Weak-interaction rates, including β decay and electron capture, are studied in several odd-A nuclei in the p f -shell region at various densities and temperatures of astrophysical interest. Special attention is paid to the relative contribution to these rates of thermally populated excited states in the decaying nucleus. The nuclear structure involved in the weak processes is studied within a quasiparticle random-phase approximation with residual interactions in both particle-hole and particle-particle channels on top of a deformed Skyrme Hartree-Fock mean field with pairing correlations. In the range of densities and temperatures considered, it is found that the total rates do not differ much from the rates of the ground state fully populated. In any case, the changes are not larger than the uncertainties due to the nuclear-model dependence of the rates.

  6. Bacteria-bacteria interactions within the microbiota of the ancestral metazoan Hydra contribute to fungal resistance.

    PubMed

    Fraune, Sebastian; Anton-Erxleben, Friederike; Augustin, René; Franzenburg, Sören; Knop, Mirjam; Schröder, Katja; Willoweit-Ohl, Doris; Bosch, Thomas C G

    2015-07-01

    Epithelial surfaces of most animals are colonized by diverse microbial communities. Although it is generally agreed that commensal bacteria can serve beneficial functions, the processes involved are poorly understood. Here we report that in the basal metazoan Hydra, ectodermal epithelial cells are covered with a multilayered glycocalyx that provides a habitat for a distinctive microbial community. Removing this epithelial microbiota results in lethal infection by the filamentous fungus Fusarium sp. Restoring the complex microbiota in gnotobiotic polyps prevents pathogen infection. Although mono-associations with distinct members of the microbiota fail to provide full protection, additive and synergistic interactions of commensal bacteria are contributing to full fungal resistance. Our results highlight the importance of resident microbiota diversity as a protective factor against pathogen infections. Besides revealing insights into the in vivo function of commensal microbes in Hydra, our findings indicate that interactions among commensal bacteria are essential to inhibit pathogen infection. PMID:25514534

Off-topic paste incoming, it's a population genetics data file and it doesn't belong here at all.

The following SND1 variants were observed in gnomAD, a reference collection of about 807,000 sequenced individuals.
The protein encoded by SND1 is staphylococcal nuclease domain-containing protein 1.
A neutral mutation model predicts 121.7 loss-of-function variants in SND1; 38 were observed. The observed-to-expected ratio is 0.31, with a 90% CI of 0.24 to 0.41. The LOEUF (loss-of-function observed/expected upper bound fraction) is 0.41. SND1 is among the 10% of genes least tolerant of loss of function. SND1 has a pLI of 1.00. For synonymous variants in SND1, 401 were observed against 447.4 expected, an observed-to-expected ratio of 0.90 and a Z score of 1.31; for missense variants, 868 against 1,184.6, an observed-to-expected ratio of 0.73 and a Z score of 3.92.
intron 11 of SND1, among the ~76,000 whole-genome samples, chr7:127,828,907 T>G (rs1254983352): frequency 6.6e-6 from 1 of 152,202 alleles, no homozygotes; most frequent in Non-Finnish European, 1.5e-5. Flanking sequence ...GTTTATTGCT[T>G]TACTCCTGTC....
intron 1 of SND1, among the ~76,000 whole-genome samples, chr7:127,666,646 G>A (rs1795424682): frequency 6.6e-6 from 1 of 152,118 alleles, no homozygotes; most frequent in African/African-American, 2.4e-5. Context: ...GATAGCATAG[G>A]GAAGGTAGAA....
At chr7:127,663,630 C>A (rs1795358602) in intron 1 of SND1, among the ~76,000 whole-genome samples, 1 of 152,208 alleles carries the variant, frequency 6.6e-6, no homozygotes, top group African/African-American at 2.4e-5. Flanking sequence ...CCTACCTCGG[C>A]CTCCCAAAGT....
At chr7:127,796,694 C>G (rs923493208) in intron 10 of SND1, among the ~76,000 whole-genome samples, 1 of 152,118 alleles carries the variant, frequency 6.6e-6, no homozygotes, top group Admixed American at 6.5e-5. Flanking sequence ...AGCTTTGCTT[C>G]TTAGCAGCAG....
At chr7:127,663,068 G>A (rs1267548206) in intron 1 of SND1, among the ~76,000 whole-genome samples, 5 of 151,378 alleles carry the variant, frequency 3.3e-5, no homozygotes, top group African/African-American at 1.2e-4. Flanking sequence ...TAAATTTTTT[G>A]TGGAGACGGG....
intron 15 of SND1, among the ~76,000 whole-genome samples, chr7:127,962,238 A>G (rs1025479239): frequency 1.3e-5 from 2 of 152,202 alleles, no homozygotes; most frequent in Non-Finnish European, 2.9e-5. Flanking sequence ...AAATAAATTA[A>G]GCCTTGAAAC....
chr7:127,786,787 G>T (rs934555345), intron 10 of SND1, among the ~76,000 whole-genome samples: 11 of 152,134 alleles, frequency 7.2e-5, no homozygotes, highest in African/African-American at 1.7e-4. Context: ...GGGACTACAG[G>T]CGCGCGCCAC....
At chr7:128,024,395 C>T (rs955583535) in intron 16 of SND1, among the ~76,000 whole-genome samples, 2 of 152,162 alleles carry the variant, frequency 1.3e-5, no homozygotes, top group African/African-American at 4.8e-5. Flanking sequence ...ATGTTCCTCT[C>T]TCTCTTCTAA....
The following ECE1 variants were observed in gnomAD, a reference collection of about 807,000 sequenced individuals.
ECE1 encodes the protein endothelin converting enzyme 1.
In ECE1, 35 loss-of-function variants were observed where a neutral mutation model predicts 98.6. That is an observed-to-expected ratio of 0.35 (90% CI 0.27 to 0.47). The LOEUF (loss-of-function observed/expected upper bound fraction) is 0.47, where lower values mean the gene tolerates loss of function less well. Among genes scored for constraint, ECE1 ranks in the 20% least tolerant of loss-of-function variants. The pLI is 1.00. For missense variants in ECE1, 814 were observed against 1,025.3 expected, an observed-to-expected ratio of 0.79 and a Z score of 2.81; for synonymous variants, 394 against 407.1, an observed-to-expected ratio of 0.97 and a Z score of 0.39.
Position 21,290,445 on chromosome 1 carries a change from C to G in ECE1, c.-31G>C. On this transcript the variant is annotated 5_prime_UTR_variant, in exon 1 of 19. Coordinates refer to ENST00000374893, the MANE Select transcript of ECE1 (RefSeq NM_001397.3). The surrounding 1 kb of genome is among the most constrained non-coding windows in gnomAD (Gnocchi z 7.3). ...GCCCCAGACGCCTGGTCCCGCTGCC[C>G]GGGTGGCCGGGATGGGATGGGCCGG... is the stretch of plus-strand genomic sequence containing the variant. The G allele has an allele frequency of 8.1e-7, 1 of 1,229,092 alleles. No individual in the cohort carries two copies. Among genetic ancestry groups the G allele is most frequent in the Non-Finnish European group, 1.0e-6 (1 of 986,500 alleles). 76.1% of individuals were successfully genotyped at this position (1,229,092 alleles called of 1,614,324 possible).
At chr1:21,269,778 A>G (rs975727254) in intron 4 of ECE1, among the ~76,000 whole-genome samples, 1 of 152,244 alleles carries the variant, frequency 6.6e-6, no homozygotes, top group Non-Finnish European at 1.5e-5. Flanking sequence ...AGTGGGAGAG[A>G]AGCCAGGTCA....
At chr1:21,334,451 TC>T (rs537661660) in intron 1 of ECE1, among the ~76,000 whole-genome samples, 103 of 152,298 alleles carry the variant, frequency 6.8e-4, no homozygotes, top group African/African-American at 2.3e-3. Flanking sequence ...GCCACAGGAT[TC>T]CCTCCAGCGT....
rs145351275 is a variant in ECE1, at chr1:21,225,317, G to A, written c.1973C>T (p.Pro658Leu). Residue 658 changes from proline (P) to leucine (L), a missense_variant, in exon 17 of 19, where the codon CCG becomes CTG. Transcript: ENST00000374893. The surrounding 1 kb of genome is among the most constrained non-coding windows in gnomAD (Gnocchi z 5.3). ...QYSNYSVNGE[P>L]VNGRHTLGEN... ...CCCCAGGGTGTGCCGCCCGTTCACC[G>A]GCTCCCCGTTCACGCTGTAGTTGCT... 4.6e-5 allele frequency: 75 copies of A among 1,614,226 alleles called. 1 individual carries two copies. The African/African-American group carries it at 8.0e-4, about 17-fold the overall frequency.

7. Regulation of COP1 nuclear localization by the COP9 signalosome via direct interaction with CSN1.

    PubMed

    Wang, Xiping; Li, Wenjun; Piqueras, Raquel; Cao, Kaiming; Deng, Xing Wang; Wei, Ning

    2009-05-01

    COP1 and COP9 signalosome (CSN) are key regulators of plant light responses and development. Deficiency in either COP1 or CSN causes a constitutive photomorphogenic phenotype. Through coordinated actions of nuclear- and cytoplasmic-localization signals, COP1 can respond to light signals by differentially partitions between nuclear and cytoplasmic compartments. Previous genetic analysis in Arabidopsis indicated that the nuclear localization of COP1 requires CSN, an eight-subunit heteromeric complex. However the mechanism underlying the functional relationship between COP1 and CSN is unknown. We report here that COP1 weakly associates with CSN in vivo. Furthermore, we report on the direct interaction involving the coiled-coil domain of COP1 and the N-terminal domain of the CSN1 subunit. In onion epidermal cells, expression of CSN1 can stimulate nuclear localization of GUS-COP1, and the N-terminal domain of CSN1 is necessary and sufficient for this function. Moreover, CSN1-induced COP1 nuclear localization requires the nuclear-localization sequences of COP1, as well as its coiled-coil domain, which contains both the cytoplasmic localization sequences and the CSN1 interacting domain. We also provide genetic evidence that the CSN1 N-terminal domain is specifically required for COP1 nuclear localization in Arabidopsis hypocotyl cells. This study advances our understanding of COP1 localization, and the molecular interactions between COP1 and CSN. PMID:19175768